Home Business Kenyans purchasing power hurt by high cost of living – report

Kenyans purchasing power hurt by high cost of living – report

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The high cost of living is taking a toll on Kenyans with many people finding it difficult to put a meal on the table.

Data from the Kenya Institute of Public Policy Research Analysis (KIPPRA) shows that despite an increase in the minimum wage of 12pc, the overall costs of essential goods and services jumped 22pc, clawing back the gains made in the minimum wage in 2022.

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KIPPRA statsistcs show the economy dipped in 2022 to 4.8pc from 7.6pc in 2021.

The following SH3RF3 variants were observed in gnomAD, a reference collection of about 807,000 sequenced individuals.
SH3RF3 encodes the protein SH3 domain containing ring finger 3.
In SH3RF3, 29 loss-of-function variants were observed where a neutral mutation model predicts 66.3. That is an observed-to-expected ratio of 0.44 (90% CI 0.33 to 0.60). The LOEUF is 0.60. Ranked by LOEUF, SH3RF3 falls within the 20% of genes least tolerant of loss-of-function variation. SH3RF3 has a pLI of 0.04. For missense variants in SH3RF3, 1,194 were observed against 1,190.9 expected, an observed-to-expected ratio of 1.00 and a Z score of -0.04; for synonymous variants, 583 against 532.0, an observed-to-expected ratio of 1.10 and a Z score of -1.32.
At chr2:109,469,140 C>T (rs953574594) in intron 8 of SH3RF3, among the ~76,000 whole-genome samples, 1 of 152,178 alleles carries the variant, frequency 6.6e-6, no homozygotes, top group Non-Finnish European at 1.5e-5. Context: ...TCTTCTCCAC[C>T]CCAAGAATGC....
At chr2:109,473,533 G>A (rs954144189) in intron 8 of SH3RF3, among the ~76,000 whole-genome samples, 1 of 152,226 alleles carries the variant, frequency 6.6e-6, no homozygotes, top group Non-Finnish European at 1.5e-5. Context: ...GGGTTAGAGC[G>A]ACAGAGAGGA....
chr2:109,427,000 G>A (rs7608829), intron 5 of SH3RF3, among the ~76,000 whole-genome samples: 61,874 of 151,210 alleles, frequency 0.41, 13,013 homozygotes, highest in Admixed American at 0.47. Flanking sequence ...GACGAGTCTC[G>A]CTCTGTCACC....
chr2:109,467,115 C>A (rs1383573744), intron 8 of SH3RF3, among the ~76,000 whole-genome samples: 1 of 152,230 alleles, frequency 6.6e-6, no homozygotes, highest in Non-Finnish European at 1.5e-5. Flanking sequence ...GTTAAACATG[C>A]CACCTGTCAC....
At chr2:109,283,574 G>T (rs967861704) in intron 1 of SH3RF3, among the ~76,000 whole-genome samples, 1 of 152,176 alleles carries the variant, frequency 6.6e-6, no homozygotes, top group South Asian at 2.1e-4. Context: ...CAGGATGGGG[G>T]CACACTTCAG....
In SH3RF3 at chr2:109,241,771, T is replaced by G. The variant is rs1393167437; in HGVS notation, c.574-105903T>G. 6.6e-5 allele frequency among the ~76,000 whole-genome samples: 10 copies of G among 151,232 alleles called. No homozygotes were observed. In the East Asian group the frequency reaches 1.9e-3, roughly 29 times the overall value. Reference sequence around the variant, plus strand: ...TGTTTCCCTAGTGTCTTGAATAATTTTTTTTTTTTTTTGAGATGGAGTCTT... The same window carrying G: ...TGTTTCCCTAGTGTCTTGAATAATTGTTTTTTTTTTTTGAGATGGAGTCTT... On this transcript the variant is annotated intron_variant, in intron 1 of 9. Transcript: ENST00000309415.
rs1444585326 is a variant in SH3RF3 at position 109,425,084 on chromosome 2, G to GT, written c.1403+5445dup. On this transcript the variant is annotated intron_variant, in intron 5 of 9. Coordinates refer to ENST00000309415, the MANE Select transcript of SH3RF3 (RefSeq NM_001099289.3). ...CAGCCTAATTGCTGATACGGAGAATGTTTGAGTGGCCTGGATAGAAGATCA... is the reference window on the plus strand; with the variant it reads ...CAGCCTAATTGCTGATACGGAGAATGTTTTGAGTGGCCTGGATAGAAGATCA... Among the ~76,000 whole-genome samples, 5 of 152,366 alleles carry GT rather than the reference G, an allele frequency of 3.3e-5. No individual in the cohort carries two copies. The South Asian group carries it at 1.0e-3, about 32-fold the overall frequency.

In 2022, the inflation rate increased beyond the policy band of 7.5pc to hit 7.7pc on account of higher food prices, and higher fuel prices.

However over the same period of time the economy created 816,000 new jobs mostly in the informal sector.

The industry accounted for 73.2pc of the jobs created in the country. The education sector had the highest number of employees in the formal sector, accounting for 21pc of all the jobs created.

Despite the creation of new jobs, the latest report by KIPPRA indicates that the minimum wage failed to match the high cost of living that ticked up by 22pc driven by high food and energy costs.

Treasury Cabinet Secretary Prof. Njuguna Ndung’u says the government is supporting food production, and manufacturing by strengthening technology upgrade, and capacity development to lower overall costs of manufactured food products which account for 24.8pc of consumer expenditure.

KIPPRA recommends strengthening the minimum wage policy in the informal sector as well as alignment of the minimum wage with the current cost of living

Regina Manyara
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